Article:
CFHS code : BE95

Parish : St Bene’t

Inscription : In Memory of CHARLES EDMUND MANNOUCH d Jan 14 1905 age 31 also MARY ANN HODGES d Apr 14 1921 age 45 also WILLIAM HENRY HODGES d Jan 8 1961 age 91

Monument : Slab/Kerb stones

Above information from Cambridge Family History Society Survey

Mannouch and Hodges kerb stones January 2020


Located 4 rows east of the west path just past the large fir tree. We were only able to check half the the kerbs which appear to be intact but many of the metal letters are missing.


In Memory of CHARLES EDMUND MANNOUCH d Jan 14 1905 age 31

Also MARY ANN HODGES who died  April 14 1921 age 45 years

Also WILLIAM HENRY HODGES d Jan 8 1961 age 91

“Peace Perfect Peace”

Relationship: Husband, wife and brother-in-law

Charles Edmund Mannouch (1873 – 14 January  1905)

Charles was born in Faversham, Kent and was the son of William and Frances.  He was baptised on 8 April  1873. William worked as a labourer in a gunpowder factory and Charles grew up at St. John’s Road in Faversham.  Aged 18 he was working in the same factory as his father, before marrying Annie Hodges (1876-) in 1897.

They appear to have moved to live in Cambridge soon after the marriage as both of their children were born in the town:  Charles William (1900-1981) and Esther Millie (1905-1992).  In 1901 they were living at 150 Mill Road and Charles was documented as being a fitter’s assistant working for Great Eastern Railway.

Charles died in Addenbrookes Hospital as a result of a work acident on 5 January. and an inquest into his death was held at the Hospital on 16 January. The Cambridge Independent Press reported ‘William Edward Coe, fitter’s apprentice on the G.E.R. said that ..he and deceased were taking a piston out of an engine.  Witness was at one end of the cylinder and the deceased at the other. Deceased was pushing the piston out and witness called out that he had pushed it far enough.  Deceased did not hear, and gave the rod another push.  It slipped, and jammed deceased’s finger.  John Welham, foreman fitters….said that the deceased told him he had been advised to have one of his fingers amputated but he refused.  Witness told him he was foolish, but decreased replied that he did not want to loose a finger. Philip Panton, house surgeon at Addenbrooke’s Hospital said the deceased came into the Hospital on the 11th. He was suffering from tetaus and though his finger was amputated he did not recover.  The jury returned a verdict of ‘Accidental Death’.’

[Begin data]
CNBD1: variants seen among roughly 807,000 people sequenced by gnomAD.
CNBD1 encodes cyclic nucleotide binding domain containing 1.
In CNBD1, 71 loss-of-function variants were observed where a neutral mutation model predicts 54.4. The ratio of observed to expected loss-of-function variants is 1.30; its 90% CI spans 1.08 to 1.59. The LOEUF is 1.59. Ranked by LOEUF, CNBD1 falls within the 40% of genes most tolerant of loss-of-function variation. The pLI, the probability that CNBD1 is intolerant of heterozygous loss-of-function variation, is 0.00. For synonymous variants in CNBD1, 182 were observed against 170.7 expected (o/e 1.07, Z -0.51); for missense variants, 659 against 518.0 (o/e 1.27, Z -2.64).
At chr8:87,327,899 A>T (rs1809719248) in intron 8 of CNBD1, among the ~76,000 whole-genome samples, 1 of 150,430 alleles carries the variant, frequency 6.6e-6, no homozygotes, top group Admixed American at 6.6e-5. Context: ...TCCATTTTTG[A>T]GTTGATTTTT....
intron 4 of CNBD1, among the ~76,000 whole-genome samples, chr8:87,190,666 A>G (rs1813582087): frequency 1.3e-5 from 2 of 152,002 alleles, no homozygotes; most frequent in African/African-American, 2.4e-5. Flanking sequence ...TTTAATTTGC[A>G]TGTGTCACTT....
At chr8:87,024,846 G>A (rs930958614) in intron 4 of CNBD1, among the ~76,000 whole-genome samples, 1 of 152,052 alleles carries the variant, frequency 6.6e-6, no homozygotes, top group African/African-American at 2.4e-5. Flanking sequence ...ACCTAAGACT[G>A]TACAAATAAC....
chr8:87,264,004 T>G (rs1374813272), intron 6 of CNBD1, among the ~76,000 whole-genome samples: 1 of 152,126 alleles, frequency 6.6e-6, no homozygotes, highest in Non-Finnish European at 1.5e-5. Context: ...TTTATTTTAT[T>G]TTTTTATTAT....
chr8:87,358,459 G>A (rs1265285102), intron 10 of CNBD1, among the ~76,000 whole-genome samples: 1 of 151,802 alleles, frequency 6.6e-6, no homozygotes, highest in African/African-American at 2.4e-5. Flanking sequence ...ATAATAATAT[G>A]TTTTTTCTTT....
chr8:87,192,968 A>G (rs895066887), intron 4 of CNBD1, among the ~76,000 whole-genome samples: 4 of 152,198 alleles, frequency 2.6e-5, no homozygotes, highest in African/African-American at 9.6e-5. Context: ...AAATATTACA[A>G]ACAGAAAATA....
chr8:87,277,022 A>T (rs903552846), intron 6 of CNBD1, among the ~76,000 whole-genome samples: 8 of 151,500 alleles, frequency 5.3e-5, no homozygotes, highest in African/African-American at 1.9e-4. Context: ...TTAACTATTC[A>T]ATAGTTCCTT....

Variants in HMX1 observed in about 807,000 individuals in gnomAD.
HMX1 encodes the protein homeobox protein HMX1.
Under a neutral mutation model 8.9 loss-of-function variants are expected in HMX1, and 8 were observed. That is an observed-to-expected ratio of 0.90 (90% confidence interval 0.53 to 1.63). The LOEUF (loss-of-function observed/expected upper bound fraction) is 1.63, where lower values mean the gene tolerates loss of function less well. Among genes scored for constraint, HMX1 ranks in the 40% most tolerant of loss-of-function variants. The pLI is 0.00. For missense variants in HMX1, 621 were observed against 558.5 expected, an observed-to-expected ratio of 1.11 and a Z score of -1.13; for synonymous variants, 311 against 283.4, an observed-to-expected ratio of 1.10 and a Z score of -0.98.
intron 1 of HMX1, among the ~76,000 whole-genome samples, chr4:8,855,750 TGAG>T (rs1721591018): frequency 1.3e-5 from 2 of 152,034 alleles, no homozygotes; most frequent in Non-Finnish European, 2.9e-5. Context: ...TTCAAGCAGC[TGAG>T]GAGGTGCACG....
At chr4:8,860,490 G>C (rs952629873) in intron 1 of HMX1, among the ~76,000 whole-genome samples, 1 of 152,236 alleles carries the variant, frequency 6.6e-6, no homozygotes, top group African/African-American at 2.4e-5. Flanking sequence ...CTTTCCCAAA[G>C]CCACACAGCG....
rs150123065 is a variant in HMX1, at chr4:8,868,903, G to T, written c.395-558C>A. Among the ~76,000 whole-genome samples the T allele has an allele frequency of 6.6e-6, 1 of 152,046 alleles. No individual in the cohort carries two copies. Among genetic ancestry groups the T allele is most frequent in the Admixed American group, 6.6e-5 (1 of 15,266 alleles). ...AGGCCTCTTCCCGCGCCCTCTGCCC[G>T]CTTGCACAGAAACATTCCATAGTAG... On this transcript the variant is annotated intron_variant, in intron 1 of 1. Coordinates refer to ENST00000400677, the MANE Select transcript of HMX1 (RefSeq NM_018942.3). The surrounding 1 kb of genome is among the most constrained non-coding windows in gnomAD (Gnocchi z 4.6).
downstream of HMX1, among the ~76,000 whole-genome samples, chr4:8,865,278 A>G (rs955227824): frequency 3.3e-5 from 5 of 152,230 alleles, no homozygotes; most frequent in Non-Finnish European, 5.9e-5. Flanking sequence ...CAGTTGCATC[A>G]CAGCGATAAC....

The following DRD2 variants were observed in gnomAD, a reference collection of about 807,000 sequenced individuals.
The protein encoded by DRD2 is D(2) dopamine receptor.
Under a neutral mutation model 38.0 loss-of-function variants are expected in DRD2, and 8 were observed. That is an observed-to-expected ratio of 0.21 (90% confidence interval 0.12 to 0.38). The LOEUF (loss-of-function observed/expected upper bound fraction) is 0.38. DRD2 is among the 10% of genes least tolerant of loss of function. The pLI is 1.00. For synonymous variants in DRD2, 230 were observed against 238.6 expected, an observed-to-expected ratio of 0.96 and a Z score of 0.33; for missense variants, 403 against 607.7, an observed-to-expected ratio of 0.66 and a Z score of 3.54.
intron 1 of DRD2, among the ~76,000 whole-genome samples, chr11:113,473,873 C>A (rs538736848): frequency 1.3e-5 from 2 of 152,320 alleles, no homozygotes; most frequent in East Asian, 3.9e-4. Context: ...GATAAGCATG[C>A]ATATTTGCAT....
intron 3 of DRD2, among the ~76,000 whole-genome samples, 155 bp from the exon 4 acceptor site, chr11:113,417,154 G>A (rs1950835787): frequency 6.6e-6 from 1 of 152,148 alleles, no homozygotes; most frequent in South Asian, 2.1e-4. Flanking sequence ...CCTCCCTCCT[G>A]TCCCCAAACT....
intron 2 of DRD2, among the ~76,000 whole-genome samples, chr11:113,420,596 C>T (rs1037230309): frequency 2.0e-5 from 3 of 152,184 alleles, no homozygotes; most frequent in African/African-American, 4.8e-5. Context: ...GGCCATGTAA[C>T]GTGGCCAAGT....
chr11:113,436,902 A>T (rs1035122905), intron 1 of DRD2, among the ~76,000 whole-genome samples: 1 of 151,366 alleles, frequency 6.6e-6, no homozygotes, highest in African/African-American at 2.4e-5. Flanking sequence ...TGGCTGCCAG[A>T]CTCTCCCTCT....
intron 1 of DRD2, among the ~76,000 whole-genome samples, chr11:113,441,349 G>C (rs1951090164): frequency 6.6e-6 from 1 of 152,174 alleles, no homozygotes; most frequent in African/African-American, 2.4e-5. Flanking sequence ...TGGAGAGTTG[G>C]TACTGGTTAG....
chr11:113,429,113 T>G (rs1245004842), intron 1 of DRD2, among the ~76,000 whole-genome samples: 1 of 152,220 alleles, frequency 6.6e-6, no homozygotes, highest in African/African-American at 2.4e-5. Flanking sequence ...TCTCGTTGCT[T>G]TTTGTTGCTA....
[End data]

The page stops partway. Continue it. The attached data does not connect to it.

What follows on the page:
His daughter Esther was born two days after his death and  his widow Annie returned to live in Essex.  In 1911 she was living in Southend on Sea with her sister and brother in law and was assisting him in his bathchair business.

Mary Ann Hodges (née Southgate) (3 April 1876 – 14 April 1921)

Mary was born on the Isle of Sheppey and was the daughter of William and Mary Ann (née Fisher). Her father was an agricultural labourer, and she grew up at New Hook Cottages in Eastchurch, Isle of Sheppey. She married William Hodges, on Christmas Eve 1898 at Minster on Sea, Isle of Sheppey and the couple moved to live in Cambridge where William worked as a stores labourer at the railway depot.  They lived at 140 Mill Road and  had two daughters:  Gladys Mary (1900-1984) and Mabel Lillian (1901-1948). Mary Ann died in Addenbrookes Hospital.

William Henry Hodges (26 July 1869 – 8 January  1961)

William was the son of William and Mary Ann (née Fisher) and was born in Harty, on the Isle of Sheppey. He was baptised there on 5 September 1869 and his father worked as a farm bailiff and later as a shepherd. Aged 22 he was lodging in Lancashire and working as an excavator and married Mary Southgate when he  was 29 years old.

He married for a second time in 1924 to Edith Lizzie Davis (1873-1960) and lived at her home at 27 Ross Street. By 1939 he had retired and died at Chesterton Hospital aged 91 years old.



Newspaper archives

by Claire Martinsen

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Mary Ann Hodges; William Henry Hodges; Charles Edmund Mannouch
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